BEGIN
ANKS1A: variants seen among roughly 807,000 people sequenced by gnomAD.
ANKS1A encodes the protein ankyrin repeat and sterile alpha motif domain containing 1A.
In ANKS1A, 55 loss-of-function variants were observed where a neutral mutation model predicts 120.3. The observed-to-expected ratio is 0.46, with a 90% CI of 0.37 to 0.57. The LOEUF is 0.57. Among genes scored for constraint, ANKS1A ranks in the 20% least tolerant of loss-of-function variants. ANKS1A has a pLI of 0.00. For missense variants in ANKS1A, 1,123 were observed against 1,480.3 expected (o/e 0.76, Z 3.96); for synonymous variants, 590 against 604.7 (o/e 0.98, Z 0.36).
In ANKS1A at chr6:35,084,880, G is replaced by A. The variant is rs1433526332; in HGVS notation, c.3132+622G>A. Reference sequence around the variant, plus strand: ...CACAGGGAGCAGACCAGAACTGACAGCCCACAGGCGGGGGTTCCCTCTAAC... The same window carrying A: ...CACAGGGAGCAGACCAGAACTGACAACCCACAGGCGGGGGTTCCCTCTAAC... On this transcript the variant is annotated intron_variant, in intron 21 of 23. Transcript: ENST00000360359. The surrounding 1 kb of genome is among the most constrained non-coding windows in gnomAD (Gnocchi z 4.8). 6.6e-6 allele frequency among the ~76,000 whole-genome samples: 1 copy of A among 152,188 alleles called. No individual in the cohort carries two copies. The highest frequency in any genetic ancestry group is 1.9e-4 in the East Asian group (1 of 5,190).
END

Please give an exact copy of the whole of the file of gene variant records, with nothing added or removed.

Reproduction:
ANKS1A: variants seen among roughly 807,000 people sequenced by gnomAD.
ANKS1A encodes the protein ankyrin repeat and sterile alpha motif domain containing 1A.
In ANKS1A, 55 loss-of-function variants were observed where a neutral mutation model predicts 120.3. The observed-to-expected ratio is 0.46, with a 90% CI of 0.37 to 0.57. The LOEUF is 0.57. Among genes scored for constraint, ANKS1A ranks in the 20% least tolerant of loss-of-function variants. ANKS1A has a pLI of 0.00. For missense variants in ANKS1A, 1,123 were observed against 1,480.3 expected (o/e 0.76, Z 3.96); for synonymous variants, 590 against 604.7 (o/e 0.98, Z 0.36).
In ANKS1A at chr6:35,084,880, G is replaced by A. The variant is rs1433526332; in HGVS notation, c.3132+622G>A. Reference sequence around the variant, plus strand: ...CACAGGGAGCAGACCAGAACTGACAGCCCACAGGCGGGGGTTCCCTCTAAC... The same window carrying A: ...CACAGGGAGCAGACCAGAACTGACAACCCACAGGCGGGGGTTCCCTCTAAC... On this transcript the variant is annotated intron_variant, in intron 21 of 23. Transcript: ENST00000360359. The surrounding 1 kb of genome is among the most constrained non-coding windows in gnomAD (Gnocchi z 4.8). 6.6e-6 allele frequency among the ~76,000 whole-genome samples: 1 copy of A among 152,188 alleles called. No individual in the cohort carries two copies. The highest frequency in any genetic ancestry group is 1.9e-4 in the East Asian group (1 of 5,190).